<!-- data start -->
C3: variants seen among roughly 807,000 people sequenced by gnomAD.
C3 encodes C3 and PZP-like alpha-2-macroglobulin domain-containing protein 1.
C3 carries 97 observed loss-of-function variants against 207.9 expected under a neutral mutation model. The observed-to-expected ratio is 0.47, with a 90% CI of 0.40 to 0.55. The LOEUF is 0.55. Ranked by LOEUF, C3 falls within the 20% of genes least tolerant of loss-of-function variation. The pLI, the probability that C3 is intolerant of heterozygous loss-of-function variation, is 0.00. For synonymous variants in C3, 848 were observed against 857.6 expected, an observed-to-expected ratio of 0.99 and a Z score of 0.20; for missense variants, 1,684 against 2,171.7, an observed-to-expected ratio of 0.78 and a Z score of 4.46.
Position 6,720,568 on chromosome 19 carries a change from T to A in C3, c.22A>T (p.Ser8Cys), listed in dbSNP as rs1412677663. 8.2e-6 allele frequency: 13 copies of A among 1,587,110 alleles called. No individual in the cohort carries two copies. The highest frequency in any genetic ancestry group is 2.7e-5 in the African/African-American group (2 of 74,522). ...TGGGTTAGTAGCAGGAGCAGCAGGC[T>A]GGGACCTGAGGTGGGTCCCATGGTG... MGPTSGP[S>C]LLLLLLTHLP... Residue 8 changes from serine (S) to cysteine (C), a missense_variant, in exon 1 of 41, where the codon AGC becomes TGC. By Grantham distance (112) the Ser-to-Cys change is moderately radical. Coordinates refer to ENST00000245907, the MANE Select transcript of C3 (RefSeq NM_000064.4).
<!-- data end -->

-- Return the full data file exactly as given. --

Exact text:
C3: variants seen among roughly 807,000 people sequenced by gnomAD.
C3 encodes C3 and PZP-like alpha-2-macroglobulin domain-containing protein 1.
C3 carries 97 observed loss-of-function variants against 207.9 expected under a neutral mutation model. The observed-to-expected ratio is 0.47, with a 90% CI of 0.40 to 0.55. The LOEUF is 0.55. Ranked by LOEUF, C3 falls within the 20% of genes least tolerant of loss-of-function variation. The pLI, the probability that C3 is intolerant of heterozygous loss-of-function variation, is 0.00. For synonymous variants in C3, 848 were observed against 857.6 expected, an observed-to-expected ratio of 0.99 and a Z score of 0.20; for missense variants, 1,684 against 2,171.7, an observed-to-expected ratio of 0.78 and a Z score of 4.46.
Position 6,720,568 on chromosome 19 carries a change from T to A in C3, c.22A>T (p.Ser8Cys), listed in dbSNP as rs1412677663. 8.2e-6 allele frequency: 13 copies of A among 1,587,110 alleles called. No individual in the cohort carries two copies. The highest frequency in any genetic ancestry group is 2.7e-5 in the African/African-American group (2 of 74,522). ...TGGGTTAGTAGCAGGAGCAGCAGGC[T>A]GGGACCTGAGGTGGGTCCCATGGTG... MGPTSGP[S>C]LLLLLLTHLP... Residue 8 changes from serine (S) to cysteine (C), a missense_variant, in exon 1 of 41, where the codon AGC becomes TGC. By Grantham distance (112) the Ser-to-Cys change is moderately radical. Coordinates refer to ENST00000245907, the MANE Select transcript of C3 (RefSeq NM_000064.4).